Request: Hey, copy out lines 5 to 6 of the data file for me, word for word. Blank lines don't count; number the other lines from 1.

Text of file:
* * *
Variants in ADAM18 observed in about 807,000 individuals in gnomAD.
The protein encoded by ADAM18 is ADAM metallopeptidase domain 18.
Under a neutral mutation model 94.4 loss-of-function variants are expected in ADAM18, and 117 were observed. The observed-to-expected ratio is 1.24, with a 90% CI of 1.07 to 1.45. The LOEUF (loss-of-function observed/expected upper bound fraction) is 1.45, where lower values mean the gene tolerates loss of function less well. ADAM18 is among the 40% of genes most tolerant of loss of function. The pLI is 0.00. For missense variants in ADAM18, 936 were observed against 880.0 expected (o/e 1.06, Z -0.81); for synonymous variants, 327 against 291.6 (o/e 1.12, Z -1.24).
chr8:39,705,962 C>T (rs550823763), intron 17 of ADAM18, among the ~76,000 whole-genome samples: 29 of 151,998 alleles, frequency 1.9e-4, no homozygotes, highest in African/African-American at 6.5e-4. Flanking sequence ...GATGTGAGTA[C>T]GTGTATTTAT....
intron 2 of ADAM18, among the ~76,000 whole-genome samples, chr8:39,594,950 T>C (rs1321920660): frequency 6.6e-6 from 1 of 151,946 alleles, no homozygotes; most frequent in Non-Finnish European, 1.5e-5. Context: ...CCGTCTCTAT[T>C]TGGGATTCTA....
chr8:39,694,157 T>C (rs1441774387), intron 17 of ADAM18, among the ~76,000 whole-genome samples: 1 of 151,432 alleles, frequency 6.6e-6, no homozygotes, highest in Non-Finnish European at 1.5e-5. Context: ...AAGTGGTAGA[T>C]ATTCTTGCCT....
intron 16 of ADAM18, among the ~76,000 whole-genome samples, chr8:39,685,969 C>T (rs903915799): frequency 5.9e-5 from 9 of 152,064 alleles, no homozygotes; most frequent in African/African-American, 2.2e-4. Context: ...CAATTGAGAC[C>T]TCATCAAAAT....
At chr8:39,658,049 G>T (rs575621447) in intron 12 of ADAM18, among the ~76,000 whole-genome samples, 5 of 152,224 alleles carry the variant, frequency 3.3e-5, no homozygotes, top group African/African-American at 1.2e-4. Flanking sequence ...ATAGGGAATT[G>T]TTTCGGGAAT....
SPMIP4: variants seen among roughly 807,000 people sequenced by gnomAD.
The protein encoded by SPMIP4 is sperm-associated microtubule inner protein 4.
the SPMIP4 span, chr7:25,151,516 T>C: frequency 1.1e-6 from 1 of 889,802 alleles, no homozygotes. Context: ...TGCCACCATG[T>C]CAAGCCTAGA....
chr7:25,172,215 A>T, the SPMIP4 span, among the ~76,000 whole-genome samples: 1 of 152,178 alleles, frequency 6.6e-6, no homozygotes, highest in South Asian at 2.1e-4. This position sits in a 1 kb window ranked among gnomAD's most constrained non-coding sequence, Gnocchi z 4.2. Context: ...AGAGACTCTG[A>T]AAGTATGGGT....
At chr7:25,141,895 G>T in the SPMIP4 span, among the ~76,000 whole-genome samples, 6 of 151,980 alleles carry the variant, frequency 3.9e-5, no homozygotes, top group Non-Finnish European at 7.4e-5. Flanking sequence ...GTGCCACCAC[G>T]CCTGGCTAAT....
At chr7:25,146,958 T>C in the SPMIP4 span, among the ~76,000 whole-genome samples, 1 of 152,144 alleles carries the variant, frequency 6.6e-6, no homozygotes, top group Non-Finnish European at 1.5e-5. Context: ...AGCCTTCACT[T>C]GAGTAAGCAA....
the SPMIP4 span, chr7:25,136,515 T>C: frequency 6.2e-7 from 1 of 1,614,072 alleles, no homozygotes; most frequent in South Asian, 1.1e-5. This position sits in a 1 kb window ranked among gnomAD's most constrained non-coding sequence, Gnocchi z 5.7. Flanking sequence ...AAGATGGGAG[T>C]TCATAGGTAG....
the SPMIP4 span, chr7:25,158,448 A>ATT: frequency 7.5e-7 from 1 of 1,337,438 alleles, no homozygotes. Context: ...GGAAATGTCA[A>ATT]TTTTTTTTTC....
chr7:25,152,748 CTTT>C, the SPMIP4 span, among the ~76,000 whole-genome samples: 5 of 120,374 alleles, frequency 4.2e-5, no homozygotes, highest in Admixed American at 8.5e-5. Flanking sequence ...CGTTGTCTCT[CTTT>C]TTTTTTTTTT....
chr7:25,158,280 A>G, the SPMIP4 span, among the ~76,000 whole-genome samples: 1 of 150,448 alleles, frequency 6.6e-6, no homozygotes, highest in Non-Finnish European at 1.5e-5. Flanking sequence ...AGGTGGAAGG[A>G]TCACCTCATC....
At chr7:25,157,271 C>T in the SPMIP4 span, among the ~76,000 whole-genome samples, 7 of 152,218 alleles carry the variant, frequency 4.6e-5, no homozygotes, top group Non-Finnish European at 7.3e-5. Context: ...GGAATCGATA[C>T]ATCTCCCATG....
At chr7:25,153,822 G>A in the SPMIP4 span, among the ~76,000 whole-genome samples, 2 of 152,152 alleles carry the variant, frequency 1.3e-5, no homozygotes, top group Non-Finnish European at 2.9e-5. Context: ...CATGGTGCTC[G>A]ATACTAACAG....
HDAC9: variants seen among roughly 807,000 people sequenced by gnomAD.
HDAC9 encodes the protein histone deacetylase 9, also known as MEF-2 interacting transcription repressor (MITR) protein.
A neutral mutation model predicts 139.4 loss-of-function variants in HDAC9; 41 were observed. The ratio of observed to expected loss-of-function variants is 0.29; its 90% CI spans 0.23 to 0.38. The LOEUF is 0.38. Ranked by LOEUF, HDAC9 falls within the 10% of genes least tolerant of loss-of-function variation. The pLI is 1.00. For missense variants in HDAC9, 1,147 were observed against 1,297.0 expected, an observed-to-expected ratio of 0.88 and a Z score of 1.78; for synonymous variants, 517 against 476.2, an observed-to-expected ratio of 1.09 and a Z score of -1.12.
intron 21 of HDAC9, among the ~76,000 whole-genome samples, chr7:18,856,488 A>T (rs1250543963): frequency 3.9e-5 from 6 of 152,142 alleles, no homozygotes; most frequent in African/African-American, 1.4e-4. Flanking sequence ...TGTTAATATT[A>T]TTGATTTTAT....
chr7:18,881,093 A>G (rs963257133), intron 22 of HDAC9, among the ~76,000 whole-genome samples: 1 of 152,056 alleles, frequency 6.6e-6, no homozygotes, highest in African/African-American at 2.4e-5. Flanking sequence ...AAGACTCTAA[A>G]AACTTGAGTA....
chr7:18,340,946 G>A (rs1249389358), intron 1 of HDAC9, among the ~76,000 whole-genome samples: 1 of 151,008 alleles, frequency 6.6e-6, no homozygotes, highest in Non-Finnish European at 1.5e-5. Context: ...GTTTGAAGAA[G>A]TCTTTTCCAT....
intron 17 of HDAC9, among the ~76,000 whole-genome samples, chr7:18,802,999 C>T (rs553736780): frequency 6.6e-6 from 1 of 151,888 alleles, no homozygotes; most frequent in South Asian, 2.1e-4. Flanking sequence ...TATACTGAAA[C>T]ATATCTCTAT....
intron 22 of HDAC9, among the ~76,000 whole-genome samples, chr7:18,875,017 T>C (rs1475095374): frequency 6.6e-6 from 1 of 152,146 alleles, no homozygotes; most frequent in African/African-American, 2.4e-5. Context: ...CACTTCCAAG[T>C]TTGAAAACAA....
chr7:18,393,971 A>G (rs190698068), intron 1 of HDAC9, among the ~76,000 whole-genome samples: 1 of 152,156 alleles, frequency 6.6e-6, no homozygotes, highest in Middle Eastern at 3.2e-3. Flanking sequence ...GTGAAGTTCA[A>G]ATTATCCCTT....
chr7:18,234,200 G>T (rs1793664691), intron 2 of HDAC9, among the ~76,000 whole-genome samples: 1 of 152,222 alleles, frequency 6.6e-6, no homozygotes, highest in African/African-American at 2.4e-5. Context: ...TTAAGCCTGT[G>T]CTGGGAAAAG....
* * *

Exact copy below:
intron 2 of ADAM18, among the ~76,000 whole-genome samples, chr8:39,594,950 T>C (rs1321920660): frequency 6.6e-6 from 1 of 151,946 alleles, no homozygotes; most frequent in Non-Finnish European, 1.5e-5. Context: ...CCGTCTCTAT[T>C]TGGGATTCTA....
chr8:39,694,157 T>C (rs1441774387), intron 17 of ADAM18, among the ~76,000 whole-genome samples: 1 of 151,432 alleles, frequency 6.6e-6, no homozygotes, highest in Non-Finnish European at 1.5e-5. Context: ...AAGTGGTAGA[T>C]ATTCTTGCCT....